Margaret Atwood was in the Guardian again yesterday, explaining that her books are not science fiction because she doesn't have the skill set to write about Martians. Her “speculative fiction” is about stuff that could really happen, not lurid fantasy about monsters.
I find this kind of semantic argument about what is or isn't sci-fi a bit wearying – and have no problem with Star Wars, Cold Comfort Farm, Mars Attacks and Frankenstein all being part of the same gang. I've written stuff where I've tried to get the complex physics right, and stuff where I've completely body-swerved real science. I suspect a lot of these arguments are less about defining a genre as attributing value. I get the impression from Atwood's article that what she really means is her stuff is serious, with things to say. It can't be science fiction because that's a pejorative term.
(In responding to Mary Beard's lack of love for Cold Comfort Farm, people have explained it's a parody - as if that automatically makes it good.)
There are reasons why you wouldn't want your bestselling book to be labelled as sci-fi. That sci-fi shelves of a book shop are a special ghetto, where many shoppers will not venture. It's not just a value judgement: the definition also affects sales.
I do, though, think there's a way of reading science fiction. Like a murder mystery, you read the story looking for clues – not to spot the murderer, but to create the world in which the story's set. We're told that a door dilates rather than opens, and that vivid, odd detail is like an establishing CGI wideshot, framing the story in an eye-poppingly alien world. With a lot of sci-fi, we're asked to play an active part – which is what can make it so rewarding and immersive, but can also put off the newcomer. Those who've not learned to decode the clues – usually when they're about 12 – will say they just don't “get” sci-fi.
Oryx and Crake, one of the three books Atwood discusses in her article, I read in August, making notes which I never quite got round to writing up. There's no mention in the blurb that it's anything so crass and silly as sci-fi. Rather, it's “a less-than-brave new world”, “an outlandish yet wholly believable space”.
Which is odd, because it's not exactly believable. Smart, funny, insightful and full of quirky perspective, it's monstrously contrived. Crake, the villain, destroys the world to build a new utopia, and no one – not even those closest to him in this techno-future where everyone knows each other's secrets – ever suspect what he's up to.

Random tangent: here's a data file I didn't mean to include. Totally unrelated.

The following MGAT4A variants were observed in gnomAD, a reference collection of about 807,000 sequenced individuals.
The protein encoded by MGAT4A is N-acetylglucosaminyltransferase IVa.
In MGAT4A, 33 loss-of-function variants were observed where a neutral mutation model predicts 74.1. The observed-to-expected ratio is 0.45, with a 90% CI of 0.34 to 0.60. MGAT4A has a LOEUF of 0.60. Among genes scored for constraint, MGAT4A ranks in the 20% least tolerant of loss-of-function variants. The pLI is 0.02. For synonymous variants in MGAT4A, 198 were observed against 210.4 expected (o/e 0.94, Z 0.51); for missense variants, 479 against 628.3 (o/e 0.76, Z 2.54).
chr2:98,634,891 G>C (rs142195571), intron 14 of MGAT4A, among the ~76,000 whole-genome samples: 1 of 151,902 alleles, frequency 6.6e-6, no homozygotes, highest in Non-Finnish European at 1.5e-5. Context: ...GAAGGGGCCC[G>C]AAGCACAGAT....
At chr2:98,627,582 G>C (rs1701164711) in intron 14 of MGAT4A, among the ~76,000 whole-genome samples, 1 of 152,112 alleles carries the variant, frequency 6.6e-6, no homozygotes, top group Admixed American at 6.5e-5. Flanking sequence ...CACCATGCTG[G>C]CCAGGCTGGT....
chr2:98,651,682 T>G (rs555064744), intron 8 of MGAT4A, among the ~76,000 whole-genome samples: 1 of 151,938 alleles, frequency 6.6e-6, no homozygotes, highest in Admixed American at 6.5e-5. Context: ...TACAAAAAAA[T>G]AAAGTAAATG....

I guess there's an argument that it's difficult to stop anyone determined to self-destruct – which reflected a post-9/11 worldview when it came out in 2003, but struck a chord with me as I read it because Amy Winehouse had just died. But there's no sense of how Crake's got away with what he's done. All too often his being autistic and into science effectively means that he's magic.
Snowman, our narrator, also just happens to be at the centre of these huge events – and never through any fault or effort of his own. Oryx, Crake and even Snowman's mother drive everything, and he coasts along in their wake. That he's had a ring-side seat through all the key bits of the plot, and is then the last man alive at the end is a convenience for the author. It's not wholly believable.
Rather than some realistic account of where science might take us, this is a parable, a fable. It feels a little mythic because it owes so much to stuff that's come before. There are parallels with the expulsion from the garden of Eden. There's Mary Shelley's The Last Man, while the end is a bit Robinson Crusoe. The Crakers reminded me of Hothouse.
The plot hinges on a classic love triangle – though, again, Snowman gets the girl because she thinks he looks unhappy, not because he does anything to win her heart. Events are contrived to allow discussion of how we escape the violence of our past: Oryx is reconciled with her abusive upbringing but Snowman can't let it go. That matches the efforts to remove violent instincts from the Crakers, though it looks like dreams, singing, art and religion are too much a part of us to be eradicated – and it's implied that means we'll never be free of the violence either.
There's some fun speculative stuff about sex drives, the Crakers' rude bits turning blue when they're in season. But less than a decade after the book came out, the details of its future make it feel parochially of its time. The dot com crash is referred to as if it were a major moment in history, and “Web site” is spelled with a capital letter because it's new and unusual.
Atwood argues in the Guardian that the book portrays a “ustopia” - her own ugly coinage for something that's a utopia (good) and a dystopia (bad) at the same time. I'm not sure what this new definition adds to discussions of utopian fiction. And I can't help feeling that this worry about definitions is missing the point. Books aren't good or bad because they're science fiction. There's good sf and bad. Definitions don't fix plot holes or poor writing, or change how we respond to a story. They're just a way of saying, "look how clever I am".
Does anyone know how to fix network comedies?
6 hours ago